Yesterday Germany’s Torten-König (king of tarts) Aloys Coppenrath, co-founder of one of the best-known German companies (at least within Germany) died at the age of 79. He and Josef Wiese founded Coppenrath und Wiese back in 1975.
Aloys Coppenrath came from an old Bäckerfamilie (family of bakers), Josef Wiese who already died in 2009 was a Konditor (confectioner). Their idea was the Schockgefrieren (quick-freeze) of freshly made Torten (tarts) and today Coppenrath und Wiese are the Marktführer (market leader) in Europe with over 2000 Angestellte (employees).
Especially in the 90ies you had basically no Werbeblock (commercial break) on German TV without a commercial of Coppenrath und Wiese, like the ones below.
Note: The expression “Allererste Sahne.” is pretty popular in Germany. You can use it when you want to say something is of surperior or best quality. For example “Dieses Auto ist wirklich allererste Sahne.” This car is truly amazing.
Das Kaffeetrinken (get together for coffee / coffee party) is one of the essential parts of German culture and we will go into detail on the how, when and what in another post. Of course Torten or Tiefkühl-Torten are not on the Kaffeetafel everyday. They are served at special occasions like Gebursttage (birthdays) or other Familienfeste (family celebrations).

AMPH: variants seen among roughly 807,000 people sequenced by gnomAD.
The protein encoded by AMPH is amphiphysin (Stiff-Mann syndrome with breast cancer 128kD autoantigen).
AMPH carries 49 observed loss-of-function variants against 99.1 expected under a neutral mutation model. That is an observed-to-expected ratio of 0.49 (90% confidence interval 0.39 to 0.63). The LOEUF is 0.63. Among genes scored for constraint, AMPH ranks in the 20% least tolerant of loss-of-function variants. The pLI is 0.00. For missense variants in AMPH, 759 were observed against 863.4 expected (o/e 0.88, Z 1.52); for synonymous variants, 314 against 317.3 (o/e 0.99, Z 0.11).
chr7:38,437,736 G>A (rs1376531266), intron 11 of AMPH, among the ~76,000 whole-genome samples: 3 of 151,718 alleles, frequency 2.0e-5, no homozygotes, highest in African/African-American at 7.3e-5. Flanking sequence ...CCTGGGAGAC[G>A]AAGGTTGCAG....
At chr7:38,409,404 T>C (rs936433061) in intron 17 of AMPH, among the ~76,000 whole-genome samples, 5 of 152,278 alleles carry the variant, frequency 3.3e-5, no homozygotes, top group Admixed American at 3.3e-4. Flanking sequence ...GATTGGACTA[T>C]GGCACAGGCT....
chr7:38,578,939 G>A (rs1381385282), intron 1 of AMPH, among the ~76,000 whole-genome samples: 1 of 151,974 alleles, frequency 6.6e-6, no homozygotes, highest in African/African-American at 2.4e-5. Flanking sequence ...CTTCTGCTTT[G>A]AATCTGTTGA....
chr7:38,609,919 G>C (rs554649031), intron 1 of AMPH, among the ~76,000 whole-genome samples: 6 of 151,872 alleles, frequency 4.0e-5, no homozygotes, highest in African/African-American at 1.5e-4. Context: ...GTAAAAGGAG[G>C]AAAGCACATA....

As Torten are usually pretty difficult or a least lengthy to make on your own, Tiefkühl-Torten became an instant success. You had not to order them in advance at the Konditorei (confectionery), you can keep them in the Tiefkühltruhe (freezer) together with your other Tiefkühlkost (watch the video) until you need it and they tend to be cheaper as well (you know, Germans love cheap!).
The most famous Tiefkühl-Torte of Coppenrath und Wiese is of course their version of the Schwarzwälder-Kirsch. The most successful one is Bienenstich (bee sting cake). Most Torten are Sahnetorten (cream tarts), often with Beeren (berries) or Schokolade (chocolate).
To wrap this post up, let’s take a look at the word die Kaffeetafel which is hard to translate. When Germans use the word Tafel when talking about food they mean a really rich and generous meal at a long table. Therefore a Kaffeetafel offers different kinds of Torten, Kuchen (cake), Kekse (cookies) and so on.
You cannot translate Kaffeetafel to coffee table as this small table would be a Couchtisch in German which has a different purpose. On a Couchtisch you put your magazines, remote control and maybe some flowers.